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Exploring tech issues in publishing

Apps have come from nothing, a few short years' ago, to being a central pillar of many companies' publishing strategies. But the sector is evolving so rapidly that no one can be sure in which direction the market will go next. James Bourne looks at some of the issues facing publishers.

By James Bourne

The app ecosystem covers a wide variety of disciplines, so it’s no surprise that publishing has its own areas to explore.

These include the rise of apps with regard to traditional publishing models, and the consequences therein, alongside the differences between e-readers and tablets, and whether an app or e-book is better. In other words: what is the future of mobile publishing?

You’ll know plenty of people with Kindles and iPads. There’s a good chance you own one yourself. And it’s safe to say that when these products were put on the market, publishers would have looked gleefully at their material being utilised on the nascent technology – and maybe renewing a tempestuous relationship with the internet.

Yet there are plenty of unresolved issues. The late Steve Jobs told the New York Times in 2008: “It doesn’t matter how good or bad the product is, the fact is that people don’t read anymore.” So what’s the way to go forward? Apps, e-books, or neither?

Are apps the future for publishing? There are plenty of potential advantages, of course – immersion, sharing quotes on social media, interaction to name three – but is a book still a book if it isn’t a book?

Wherever you stand on that issue, it’s arguable that an e-book is more of a book than an app. According to Robert Niles, e-books are cheaper to develop than apps, sell more, and are content based rather than programming.

For books, it appears to be a high wire balancing act to get best practice. For the newsroom, the future still remains unclear. Jobs might have said that people don’t read anymore, but fact – in news form – is a totally different beast to fiction.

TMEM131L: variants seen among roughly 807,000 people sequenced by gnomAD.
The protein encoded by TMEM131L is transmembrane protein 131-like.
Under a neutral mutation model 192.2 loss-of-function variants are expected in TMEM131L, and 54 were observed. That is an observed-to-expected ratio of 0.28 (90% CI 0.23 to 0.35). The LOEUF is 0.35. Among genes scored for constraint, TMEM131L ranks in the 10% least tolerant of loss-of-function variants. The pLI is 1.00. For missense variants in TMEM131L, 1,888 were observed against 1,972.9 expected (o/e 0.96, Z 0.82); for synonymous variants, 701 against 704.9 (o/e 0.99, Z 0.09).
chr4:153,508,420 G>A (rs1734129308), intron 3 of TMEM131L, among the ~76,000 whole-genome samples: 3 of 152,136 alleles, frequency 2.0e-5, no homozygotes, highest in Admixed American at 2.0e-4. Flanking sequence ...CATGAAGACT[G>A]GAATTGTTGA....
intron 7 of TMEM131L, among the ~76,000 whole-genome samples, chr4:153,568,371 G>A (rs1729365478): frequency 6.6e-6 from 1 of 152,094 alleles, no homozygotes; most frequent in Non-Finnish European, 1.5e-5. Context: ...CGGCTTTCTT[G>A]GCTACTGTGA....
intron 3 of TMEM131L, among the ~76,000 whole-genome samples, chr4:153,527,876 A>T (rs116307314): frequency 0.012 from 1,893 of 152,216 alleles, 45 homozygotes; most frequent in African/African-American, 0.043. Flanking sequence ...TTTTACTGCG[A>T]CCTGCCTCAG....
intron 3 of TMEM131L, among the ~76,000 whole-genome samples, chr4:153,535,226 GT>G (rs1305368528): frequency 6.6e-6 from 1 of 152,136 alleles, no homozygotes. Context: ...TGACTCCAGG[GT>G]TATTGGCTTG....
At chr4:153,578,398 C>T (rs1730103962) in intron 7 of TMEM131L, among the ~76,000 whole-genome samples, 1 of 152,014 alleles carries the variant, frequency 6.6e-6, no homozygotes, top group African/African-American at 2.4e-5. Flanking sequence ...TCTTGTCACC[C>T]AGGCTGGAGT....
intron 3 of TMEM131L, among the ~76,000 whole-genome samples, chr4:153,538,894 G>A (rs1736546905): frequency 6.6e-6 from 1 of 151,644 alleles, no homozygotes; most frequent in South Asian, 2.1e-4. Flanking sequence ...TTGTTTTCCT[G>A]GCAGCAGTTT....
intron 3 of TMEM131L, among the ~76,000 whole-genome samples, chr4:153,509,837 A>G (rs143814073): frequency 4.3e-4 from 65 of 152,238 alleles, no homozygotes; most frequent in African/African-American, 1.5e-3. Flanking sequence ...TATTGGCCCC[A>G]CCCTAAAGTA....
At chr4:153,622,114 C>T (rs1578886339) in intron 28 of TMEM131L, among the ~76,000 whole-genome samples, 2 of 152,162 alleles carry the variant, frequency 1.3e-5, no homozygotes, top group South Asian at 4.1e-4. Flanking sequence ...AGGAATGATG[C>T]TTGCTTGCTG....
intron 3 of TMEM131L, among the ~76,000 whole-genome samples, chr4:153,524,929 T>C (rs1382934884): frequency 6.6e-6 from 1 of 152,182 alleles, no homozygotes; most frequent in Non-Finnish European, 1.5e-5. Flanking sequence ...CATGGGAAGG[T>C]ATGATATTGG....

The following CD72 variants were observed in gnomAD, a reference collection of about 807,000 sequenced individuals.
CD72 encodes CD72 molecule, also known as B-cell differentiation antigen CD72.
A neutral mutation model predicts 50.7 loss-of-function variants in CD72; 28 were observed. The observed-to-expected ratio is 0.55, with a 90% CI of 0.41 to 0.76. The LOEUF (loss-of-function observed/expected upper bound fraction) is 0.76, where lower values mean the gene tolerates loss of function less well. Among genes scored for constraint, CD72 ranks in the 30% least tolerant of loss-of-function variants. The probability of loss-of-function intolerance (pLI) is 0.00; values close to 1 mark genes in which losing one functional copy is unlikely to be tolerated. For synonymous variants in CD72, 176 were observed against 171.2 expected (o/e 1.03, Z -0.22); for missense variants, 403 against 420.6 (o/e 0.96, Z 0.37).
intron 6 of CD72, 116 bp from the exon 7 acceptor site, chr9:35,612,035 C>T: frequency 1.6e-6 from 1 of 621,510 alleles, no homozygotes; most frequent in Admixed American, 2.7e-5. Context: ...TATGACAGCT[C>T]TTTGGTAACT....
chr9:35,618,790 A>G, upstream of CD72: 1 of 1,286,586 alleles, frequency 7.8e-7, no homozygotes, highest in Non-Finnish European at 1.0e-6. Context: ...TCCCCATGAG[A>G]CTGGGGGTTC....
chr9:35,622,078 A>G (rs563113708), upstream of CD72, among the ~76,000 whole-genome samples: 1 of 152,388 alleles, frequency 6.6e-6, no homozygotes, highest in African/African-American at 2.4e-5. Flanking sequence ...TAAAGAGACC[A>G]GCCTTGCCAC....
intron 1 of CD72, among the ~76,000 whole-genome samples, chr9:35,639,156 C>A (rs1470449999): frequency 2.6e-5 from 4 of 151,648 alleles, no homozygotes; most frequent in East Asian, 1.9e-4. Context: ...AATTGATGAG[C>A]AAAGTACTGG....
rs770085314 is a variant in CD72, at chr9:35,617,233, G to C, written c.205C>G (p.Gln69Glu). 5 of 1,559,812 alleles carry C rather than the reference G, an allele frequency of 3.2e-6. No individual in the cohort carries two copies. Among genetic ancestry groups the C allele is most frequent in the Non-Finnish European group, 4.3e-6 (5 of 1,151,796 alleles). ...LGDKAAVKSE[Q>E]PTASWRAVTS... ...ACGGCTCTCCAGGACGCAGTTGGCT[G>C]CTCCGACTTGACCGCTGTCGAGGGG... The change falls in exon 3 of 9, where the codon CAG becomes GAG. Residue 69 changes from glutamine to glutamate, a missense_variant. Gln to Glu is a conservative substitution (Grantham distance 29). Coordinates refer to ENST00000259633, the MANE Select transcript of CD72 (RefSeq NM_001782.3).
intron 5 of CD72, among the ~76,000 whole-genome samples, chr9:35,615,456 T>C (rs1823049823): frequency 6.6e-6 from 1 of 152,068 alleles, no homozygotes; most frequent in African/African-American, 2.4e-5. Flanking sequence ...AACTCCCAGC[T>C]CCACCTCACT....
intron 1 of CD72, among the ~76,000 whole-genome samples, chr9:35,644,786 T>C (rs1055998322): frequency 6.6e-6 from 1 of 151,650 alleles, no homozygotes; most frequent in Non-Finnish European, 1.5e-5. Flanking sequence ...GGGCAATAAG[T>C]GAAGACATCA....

Evidence of this can be seen with the daddy of all tabloid news, Rupert Murdoch.

Murdoch doesn’t make many mistakes – his 2005 acquisition of MySpace notwithstanding, Murdoch admitting himself earlier this year that he had “screwed up in every way possible” – and his iPad-only outlet, The Daily, hasn’t exactly set the online world alight.

Even though Jobs worked closely with their team to create the tablet-only news source, in July one third of The Daily’s staff was laid off amid rumours of Murdoch pulling the plug. Sports coverage was afterwards siphoned from Fox Sports – a News Corporation baby, of course – among other cost-cutting exercises.

At a price of $0.99 (63p) per week, or less than 10p a day – how many paid hard copy papers come out at that price? – one would expect it to be win-win. But there has to be problems, as the miserable two and a half star rating on the App Store would suggest.

Chief among these, according to Frédéric Filloux, is The Daily’s identity crisis. It’s neither a fluffy tabloid, nor a haven for serious enterprise news. Jack of all trades and master of none: will nobody but the die hards return to your publication if it doesn’t offer a niche?

Yet this brings about another discussion point, regarding paying for news. The Times and New York Times set the precedent. Many consumers would naturally switch if they can get their news for free, but nearly half a million paid subscribers to the NYT (according to figures quoted in March) might say otherwise. A power struggle is emerging – which way will the game go?

The paywall newsroom is just one of the issues being discussed by publishing thought leaders at Apps World Europe, on 2-3 October in Earls Court 2, London. Join the debate by registering. Save 15% on your workshop pass with the code INPUB15